The Magic of Milagros

Posted on Posted in Religious Curiosities


Welcome and muy bienvenidos.   This is the inaugural podcast of  Mexico Unexplained.  Robert Bitto, the host, goes into what he would like to accomplish with this series and a little bit about his background and interests.  This series will examine the magic, the mysteries and the miracles of Mexico, and will provide information, not affirmation, on a wide variety of subjects.

What are Milagros?

They are small metal charms (the larger ones are called ex votos) in the form of body parts, animals, etc. They are traditionally used as small offerings of thanks but lately have had other uses: good luck charms, bought in anticipation of good things happening, craft decoration, jewelry, adornment for home altars.  The phenomenon began in ancient Greece with the tamata, or offerings to the gods.  From the Mediterranean world and Catholic Europe, the spread to the New World. People in Hispanic America adopted it and now they are becoming mainstream in the United States, but with anything cultural their use has changed and adapted to our modern world.  Many milagros can be quite large and intricately beautiful.000_4725

The traditional Milagros have traditional meanings.  Most of these charms are self-explanatory. A sick cow = cow milagro. A broken arm to heal properly = arm milagro. A closing on a house = house milagro. Overall health = body milagro, and so on. Generic Milagros are praying people. Sacred heart of Jesus = special appeal to Christ, but it has been co-opted by people to infer love or passion. Is that okay?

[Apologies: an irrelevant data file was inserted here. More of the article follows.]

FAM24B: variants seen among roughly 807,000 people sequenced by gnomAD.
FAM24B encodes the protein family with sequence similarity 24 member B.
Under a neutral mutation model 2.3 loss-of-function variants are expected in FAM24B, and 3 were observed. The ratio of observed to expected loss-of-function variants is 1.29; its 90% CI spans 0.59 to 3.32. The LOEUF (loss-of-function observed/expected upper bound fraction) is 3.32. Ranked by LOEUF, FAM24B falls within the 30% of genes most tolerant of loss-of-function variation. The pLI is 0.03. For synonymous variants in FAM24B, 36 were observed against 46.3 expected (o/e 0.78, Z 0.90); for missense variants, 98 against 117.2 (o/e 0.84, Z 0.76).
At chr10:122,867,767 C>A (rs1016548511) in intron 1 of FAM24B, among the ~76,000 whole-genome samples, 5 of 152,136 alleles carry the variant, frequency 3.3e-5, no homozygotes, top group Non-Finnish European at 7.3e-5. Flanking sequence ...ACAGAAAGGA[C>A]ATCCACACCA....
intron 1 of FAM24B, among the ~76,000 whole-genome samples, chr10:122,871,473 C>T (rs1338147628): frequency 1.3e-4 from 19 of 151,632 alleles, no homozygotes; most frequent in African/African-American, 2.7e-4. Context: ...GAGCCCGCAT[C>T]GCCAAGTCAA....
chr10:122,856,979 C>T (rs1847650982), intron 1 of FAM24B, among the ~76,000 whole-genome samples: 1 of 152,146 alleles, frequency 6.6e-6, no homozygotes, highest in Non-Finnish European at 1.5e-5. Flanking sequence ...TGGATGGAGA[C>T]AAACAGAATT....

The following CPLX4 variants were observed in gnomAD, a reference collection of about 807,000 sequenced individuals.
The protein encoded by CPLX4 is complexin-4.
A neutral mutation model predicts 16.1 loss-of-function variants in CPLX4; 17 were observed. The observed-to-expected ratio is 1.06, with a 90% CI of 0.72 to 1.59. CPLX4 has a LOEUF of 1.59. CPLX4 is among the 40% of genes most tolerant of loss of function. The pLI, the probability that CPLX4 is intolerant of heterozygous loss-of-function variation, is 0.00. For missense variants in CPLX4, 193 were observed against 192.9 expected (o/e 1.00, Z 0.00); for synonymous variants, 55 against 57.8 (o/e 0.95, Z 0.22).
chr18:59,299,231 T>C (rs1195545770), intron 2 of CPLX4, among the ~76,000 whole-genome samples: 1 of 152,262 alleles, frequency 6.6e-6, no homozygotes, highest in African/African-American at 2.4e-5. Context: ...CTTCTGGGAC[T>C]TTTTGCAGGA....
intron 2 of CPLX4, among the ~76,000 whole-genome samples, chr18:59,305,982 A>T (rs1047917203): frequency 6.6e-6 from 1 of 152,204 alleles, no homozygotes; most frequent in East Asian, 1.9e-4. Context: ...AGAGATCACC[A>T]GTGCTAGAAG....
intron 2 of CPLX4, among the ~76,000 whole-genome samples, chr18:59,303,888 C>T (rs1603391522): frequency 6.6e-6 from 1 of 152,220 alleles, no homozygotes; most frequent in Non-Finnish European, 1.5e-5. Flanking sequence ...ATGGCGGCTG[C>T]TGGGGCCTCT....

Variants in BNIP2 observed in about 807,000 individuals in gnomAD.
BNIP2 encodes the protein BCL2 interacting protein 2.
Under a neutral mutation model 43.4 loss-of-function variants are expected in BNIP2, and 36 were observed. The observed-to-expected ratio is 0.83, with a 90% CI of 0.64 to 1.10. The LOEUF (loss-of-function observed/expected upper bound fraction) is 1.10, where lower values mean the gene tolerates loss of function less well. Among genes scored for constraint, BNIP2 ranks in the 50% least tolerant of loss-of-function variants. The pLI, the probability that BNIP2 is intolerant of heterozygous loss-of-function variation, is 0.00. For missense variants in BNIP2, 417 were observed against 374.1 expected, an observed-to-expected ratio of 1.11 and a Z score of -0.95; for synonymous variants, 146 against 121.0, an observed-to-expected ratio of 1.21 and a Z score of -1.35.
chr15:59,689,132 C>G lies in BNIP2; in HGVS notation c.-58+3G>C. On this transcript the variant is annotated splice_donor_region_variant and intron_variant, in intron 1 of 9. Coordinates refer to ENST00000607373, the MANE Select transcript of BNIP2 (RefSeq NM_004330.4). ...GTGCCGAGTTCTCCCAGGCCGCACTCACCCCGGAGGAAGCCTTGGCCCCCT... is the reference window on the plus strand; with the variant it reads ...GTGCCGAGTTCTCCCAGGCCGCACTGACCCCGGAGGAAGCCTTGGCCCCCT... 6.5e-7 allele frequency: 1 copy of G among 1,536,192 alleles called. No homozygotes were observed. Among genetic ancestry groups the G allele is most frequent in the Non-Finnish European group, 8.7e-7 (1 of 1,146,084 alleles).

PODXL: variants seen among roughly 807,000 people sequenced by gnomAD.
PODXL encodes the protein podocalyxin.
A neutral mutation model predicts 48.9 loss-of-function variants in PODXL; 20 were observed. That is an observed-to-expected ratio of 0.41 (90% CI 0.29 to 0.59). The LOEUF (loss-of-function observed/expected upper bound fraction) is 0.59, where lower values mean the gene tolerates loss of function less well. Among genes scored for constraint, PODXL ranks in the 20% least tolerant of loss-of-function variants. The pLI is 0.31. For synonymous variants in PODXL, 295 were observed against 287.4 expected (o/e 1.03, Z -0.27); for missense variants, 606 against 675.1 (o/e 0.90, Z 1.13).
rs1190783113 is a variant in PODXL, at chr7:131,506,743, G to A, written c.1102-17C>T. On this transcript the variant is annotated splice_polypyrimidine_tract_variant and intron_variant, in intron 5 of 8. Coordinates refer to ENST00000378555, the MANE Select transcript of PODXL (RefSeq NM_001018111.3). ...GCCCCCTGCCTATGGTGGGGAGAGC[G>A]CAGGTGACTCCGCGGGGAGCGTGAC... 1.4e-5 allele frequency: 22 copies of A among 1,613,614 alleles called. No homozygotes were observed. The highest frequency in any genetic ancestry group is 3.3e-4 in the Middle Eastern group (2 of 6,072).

Robert talks about his connection to these charms:  he has been importing them for sale from Mexico for almost 17 years now and for 10 of those years he had a retail store where I sold these one by one over the counter or in bulk.  He has since closed the store and does everything online, but that store made him really curious as to what was going on.   Customers would share their milagro experiences through face-to-face interaction in the store and by letters in the mail.  Those letters  requested milagros or explained know how the charms worked for the customers. Robert showed his folder of mostly hand-written letters to one older nana who used to frequent my shop said and she said, “These letters are your real treasure.”  Robert reads some of the letters on the podcast, which are very interesting.GoldenHeearts

Sources and more information:

Not much has been written in book form.  A nice source (with lots of photos) is a book called Milagros:  A Book of Miracles by Helen Thompson.

To check out more pictures of milagros, or to buy some, go to the milagros section of the website for Sueños Latin American Imports, here: